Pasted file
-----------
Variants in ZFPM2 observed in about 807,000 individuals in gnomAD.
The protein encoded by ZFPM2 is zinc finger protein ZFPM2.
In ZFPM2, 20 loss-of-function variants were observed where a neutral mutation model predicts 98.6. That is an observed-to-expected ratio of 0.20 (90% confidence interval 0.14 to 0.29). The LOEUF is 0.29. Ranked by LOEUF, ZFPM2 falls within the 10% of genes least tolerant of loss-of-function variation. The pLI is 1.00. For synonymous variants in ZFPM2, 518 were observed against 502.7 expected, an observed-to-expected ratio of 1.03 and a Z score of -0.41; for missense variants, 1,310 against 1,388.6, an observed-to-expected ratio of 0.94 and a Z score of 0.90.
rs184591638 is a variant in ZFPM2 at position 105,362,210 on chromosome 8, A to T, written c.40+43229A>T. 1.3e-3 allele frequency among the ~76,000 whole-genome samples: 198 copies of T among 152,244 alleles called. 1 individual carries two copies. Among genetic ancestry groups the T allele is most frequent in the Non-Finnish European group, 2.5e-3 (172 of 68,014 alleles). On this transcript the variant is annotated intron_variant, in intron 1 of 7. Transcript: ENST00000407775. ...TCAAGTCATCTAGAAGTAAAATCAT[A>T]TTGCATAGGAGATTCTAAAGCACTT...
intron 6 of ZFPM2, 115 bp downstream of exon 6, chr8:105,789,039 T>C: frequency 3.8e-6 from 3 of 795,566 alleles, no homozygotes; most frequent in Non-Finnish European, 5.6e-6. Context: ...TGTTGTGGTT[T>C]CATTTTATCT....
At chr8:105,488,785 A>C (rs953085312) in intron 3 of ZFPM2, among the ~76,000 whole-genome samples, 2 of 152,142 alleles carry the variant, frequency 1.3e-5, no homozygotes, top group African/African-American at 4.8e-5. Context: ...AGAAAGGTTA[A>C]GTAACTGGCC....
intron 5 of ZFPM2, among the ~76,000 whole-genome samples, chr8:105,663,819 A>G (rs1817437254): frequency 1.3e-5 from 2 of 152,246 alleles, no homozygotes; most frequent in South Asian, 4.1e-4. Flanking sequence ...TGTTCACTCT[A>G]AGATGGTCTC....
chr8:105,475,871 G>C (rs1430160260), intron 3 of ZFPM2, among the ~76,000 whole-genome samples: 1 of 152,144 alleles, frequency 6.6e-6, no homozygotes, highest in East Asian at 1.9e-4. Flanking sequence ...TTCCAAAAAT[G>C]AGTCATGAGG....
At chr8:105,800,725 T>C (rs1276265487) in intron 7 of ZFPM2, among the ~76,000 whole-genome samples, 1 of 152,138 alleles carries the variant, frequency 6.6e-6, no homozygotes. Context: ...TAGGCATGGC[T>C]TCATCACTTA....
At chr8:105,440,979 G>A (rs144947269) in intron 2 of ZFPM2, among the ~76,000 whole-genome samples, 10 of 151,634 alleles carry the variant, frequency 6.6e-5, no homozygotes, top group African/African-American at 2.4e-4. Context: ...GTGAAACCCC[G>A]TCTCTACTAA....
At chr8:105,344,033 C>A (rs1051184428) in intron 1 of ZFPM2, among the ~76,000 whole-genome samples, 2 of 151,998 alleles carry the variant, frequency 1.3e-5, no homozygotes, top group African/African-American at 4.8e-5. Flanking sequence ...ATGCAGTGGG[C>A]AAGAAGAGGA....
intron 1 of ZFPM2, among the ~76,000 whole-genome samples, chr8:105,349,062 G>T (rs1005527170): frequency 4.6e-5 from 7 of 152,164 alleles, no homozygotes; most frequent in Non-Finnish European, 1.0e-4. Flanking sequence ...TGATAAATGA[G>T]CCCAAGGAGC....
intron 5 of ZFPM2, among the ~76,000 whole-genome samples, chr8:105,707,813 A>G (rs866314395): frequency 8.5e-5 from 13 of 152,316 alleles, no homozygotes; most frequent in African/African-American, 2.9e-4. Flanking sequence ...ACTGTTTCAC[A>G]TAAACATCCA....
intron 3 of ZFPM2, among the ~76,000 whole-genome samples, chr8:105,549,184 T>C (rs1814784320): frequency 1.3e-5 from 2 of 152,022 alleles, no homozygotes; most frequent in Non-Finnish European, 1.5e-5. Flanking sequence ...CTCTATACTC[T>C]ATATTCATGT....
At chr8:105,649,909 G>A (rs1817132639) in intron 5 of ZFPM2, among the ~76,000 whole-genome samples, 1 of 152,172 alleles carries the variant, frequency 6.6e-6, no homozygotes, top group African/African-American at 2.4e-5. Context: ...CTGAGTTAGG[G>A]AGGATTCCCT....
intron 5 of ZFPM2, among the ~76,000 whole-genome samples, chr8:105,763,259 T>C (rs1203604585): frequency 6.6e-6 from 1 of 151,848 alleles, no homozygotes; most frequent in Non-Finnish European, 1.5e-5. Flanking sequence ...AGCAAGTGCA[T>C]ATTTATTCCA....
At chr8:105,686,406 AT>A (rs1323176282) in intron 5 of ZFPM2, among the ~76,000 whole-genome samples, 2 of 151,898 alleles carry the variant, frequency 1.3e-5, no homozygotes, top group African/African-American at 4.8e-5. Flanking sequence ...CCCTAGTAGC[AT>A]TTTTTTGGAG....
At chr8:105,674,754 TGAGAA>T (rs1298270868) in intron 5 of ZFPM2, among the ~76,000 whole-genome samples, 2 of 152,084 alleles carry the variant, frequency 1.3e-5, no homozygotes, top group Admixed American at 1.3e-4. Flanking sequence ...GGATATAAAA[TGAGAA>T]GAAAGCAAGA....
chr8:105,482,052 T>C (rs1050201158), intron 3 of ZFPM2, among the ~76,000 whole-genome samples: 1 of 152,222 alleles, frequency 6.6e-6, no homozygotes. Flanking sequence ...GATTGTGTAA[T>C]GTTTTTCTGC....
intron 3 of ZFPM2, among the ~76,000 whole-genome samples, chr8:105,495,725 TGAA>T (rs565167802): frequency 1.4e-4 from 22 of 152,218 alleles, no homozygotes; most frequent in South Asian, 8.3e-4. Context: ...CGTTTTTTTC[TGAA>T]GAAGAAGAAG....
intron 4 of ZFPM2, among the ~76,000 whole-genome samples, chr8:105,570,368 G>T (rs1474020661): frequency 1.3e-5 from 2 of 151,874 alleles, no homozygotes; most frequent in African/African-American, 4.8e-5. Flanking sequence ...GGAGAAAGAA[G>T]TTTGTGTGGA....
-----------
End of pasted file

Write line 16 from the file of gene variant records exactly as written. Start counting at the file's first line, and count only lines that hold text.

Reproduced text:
intron 5 of ZFPM2, among the ~76,000 whole-genome samples, chr8:105,763,259 T>C (rs1203604585): frequency 6.6e-6 from 1 of 151,848 alleles, no homozygotes; most frequent in Non-Finnish European, 1.5e-5. Flanking sequence ...AGCAAGTGCA[T>C]ATTTATTCCA....